Why Your Content Needs More Links

Technical Communications needs to make far greater use of linking than it does today. Here’s why.

In a blog post WordPress for Beginners: Too Many Choices? Sufyan bin Uzayr quotes an email from novelist Meg Justus about her frustrations trying to get started with WordPress:

The reason I’m finding self-hosted WordPress so complicated is that it asks me to find a theme first, before I even know what I’m looking for. All the “how to choose a theme” websites I find assume I know far more about what I want out of a theme than I do. Most of the language used to describe themes isn’t language I understand (WordPress’s own “search for a theme” is horrible in this respect – how am I supposed to limit down by function if I don’t understand what the words describing those functions mean?) read more

Reducing writer errors

One of the most consistent responses I have received to my posts on revision as waste (Improving First Run Quality, and Revision, Waste, and Evenness) is some variant of “mistakes happen”. Some felt I was blaming writers, or even questioning their integrity. (Such comments were much more prevalent on LinkedIn than on the blog itself.)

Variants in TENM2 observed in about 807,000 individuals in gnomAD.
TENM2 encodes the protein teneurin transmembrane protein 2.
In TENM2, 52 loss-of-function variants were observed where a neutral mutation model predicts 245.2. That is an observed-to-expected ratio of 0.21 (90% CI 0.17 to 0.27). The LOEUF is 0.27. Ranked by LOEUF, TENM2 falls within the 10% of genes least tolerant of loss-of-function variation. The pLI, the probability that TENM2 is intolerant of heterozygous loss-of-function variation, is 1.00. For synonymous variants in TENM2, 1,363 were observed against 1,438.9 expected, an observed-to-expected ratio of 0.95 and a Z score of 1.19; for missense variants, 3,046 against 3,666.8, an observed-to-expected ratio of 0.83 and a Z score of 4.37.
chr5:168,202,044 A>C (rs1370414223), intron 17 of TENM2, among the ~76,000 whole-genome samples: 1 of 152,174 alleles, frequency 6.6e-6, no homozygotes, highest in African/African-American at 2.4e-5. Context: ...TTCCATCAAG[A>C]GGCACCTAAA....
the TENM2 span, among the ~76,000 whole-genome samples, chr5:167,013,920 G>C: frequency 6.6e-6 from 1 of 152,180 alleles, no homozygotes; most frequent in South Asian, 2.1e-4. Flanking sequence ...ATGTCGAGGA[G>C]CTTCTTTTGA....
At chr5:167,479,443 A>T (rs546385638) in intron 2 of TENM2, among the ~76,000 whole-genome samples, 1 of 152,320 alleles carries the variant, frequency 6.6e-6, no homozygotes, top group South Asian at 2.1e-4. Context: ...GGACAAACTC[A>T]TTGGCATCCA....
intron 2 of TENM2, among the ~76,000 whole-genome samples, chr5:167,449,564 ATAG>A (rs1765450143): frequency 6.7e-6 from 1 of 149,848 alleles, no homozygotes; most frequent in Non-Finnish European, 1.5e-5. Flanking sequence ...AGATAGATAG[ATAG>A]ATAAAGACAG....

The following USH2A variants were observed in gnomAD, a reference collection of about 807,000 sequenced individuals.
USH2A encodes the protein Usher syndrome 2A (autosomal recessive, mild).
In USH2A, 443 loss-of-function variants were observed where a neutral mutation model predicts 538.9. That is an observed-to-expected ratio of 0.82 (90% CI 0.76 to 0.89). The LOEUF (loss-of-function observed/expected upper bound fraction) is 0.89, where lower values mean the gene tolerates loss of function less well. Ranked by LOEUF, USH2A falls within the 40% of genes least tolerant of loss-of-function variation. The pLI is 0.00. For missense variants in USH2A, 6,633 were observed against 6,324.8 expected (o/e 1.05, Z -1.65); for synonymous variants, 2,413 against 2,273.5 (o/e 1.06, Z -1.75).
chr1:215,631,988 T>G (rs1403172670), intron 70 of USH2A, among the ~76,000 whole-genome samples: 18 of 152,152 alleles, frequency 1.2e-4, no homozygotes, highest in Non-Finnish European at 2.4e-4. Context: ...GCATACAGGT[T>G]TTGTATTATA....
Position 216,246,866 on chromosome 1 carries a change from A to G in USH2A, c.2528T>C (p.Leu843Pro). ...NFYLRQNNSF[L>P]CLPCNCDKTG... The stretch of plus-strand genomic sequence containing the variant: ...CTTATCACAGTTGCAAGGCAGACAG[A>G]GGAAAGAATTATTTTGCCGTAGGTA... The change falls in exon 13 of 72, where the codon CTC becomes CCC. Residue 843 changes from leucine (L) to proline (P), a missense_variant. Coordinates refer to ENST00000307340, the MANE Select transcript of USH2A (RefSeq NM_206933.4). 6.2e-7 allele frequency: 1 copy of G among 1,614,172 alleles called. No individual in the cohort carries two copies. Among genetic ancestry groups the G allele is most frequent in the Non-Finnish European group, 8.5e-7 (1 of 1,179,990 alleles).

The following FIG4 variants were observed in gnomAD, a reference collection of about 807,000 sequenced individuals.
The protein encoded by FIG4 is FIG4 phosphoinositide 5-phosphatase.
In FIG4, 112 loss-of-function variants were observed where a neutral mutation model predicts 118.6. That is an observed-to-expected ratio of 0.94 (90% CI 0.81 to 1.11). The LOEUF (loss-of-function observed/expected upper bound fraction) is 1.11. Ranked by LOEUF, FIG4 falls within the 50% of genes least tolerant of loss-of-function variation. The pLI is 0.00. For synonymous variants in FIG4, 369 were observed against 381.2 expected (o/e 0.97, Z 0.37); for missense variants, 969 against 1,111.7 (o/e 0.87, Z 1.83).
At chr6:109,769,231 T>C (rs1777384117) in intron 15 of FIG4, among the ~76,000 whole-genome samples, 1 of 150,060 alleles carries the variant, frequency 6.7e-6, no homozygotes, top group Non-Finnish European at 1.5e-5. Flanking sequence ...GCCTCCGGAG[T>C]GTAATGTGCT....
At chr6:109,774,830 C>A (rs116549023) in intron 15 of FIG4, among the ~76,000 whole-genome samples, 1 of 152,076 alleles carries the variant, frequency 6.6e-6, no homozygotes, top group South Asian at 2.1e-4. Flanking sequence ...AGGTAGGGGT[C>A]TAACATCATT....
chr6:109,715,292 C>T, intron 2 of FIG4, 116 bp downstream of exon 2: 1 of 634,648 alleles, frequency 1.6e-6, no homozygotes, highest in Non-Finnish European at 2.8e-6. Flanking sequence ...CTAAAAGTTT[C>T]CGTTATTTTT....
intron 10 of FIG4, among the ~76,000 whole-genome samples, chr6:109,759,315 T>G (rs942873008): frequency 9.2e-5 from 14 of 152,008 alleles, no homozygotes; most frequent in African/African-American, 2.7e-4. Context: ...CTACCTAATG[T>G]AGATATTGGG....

Actually, this has very little to do with either the integrity or the diligence of individual writers. Writers are human, and they do make mistakes. The problem is that they tend to work in environments that make mistakes more likely, and that make discovering them less likely. If we want to reduce waste in the content creation process, we should be looking not at individual writers, but at the process and environment in which they work. read more

Too little information

Were I asked to characterize the human condition in a sentence, I might choose this: to be human is to make decisions with too little information. All our decisions, great and small, are taken without adequate information: getting married, buying real estate, having children (this especially), saving for retirement, choosing the best route for a journey, taking a job, or hiring an employee. We don’t know nearly as much as we would like to in making any of these decisions.